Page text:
Sign up for Snowy Alerts: With another influx of owls, eBird is again offering a Snowy Owl Alert service that emails you whenever a new snowy is seen.

North American birds sleep in nestboxes in winter too

This video is called Where Do Birds Go In Winter?

As we have seen, birds in the Netherlands use nestboxes for sleeping during cold winter nights.

Birds in other countries do as well.

From the Cornell lab of Ornoithology in the USA:

Roosting In a Winter Wonderland

by Robyn Bailey, NestWatch Project Leader

I have a few nest boxes around my house that have never been used for nesting, but I don’t dare relocate these duds. That’s because they have another purpose, for which I am happy to sacrifice them. They’re bird hotels, or if you prefer, “roost boxes.” That is, birds only use them in winter, tucking themselves in at night to keep warm and giving me great bird-watching opportunities all winter that I wouldn’t otherwise have.

It started with an Eastern Screech-Owl nest box three years ago. After checking this box all summer with binoculars, I didn’t see an owl face in the entrance hole until October. Then I saw it almost every day until March, after which sightings became a rare treat. But the following October, there it was again, sunbathing in the entrance hole. Then there’s the smaller box that is mounted on the side of my garage. No takers, but something was enlarging the entrance hole—I finally spotted the culprit, a Downy Woodpecker! Just about every night before sunset, the woodpecker flies to the box, peeks his head in before entering, then looks out one last time before settling down. Until recently, the small box on my back porch has never hosted anything. So imagine my surprise when an unidentified speeding bird-bullet came flying out of it as I walked onto the back porch and accidentally startled it (and it, me).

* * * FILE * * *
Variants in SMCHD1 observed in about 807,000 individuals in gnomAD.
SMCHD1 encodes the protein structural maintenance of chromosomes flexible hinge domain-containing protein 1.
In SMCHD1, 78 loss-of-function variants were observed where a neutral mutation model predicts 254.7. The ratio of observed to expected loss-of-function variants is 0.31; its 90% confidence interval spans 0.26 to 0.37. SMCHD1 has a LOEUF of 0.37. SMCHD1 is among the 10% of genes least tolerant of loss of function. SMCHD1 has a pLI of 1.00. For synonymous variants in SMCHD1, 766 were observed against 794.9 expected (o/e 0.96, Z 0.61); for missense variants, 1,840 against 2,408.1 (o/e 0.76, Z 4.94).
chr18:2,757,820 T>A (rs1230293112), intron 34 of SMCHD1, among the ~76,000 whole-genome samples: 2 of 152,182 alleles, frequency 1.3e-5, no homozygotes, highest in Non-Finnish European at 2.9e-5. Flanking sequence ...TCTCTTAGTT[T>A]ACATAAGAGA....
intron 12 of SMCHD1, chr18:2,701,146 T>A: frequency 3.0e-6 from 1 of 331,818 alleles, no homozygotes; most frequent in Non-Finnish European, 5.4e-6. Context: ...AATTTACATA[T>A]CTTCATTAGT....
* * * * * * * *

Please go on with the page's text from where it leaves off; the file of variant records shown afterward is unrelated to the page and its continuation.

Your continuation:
Most cavity-nesting birds will use nest boxes as a warm, dry place to sleep at night. Some roost individually, such as the Downy Woodpecker, but others, such as bluebirds, will roost in groups. Cavity roosting, especially in groups, can reduce heat loss, which in turn helps survival. In a study conducted in 1961, S. C. Kendeigh estimated that as much as 11% less energy may be burned by birds sleeping in cavities than out on a limb.

Watching your birds come home to roost at night, or in the morning in the case of owls, can be a lot of fun. So don’t be discouraged if birds aren’t nesting in some of your boxes; they may be roosting in them! How can you tell? A box that is used for roosting  will contain feathers and droppings. If you really want to provide the five-star treatment, you can also build your own roost box for small songbirds that is specifically designed to minimize heat loss and accommodate groups of sleeping birds.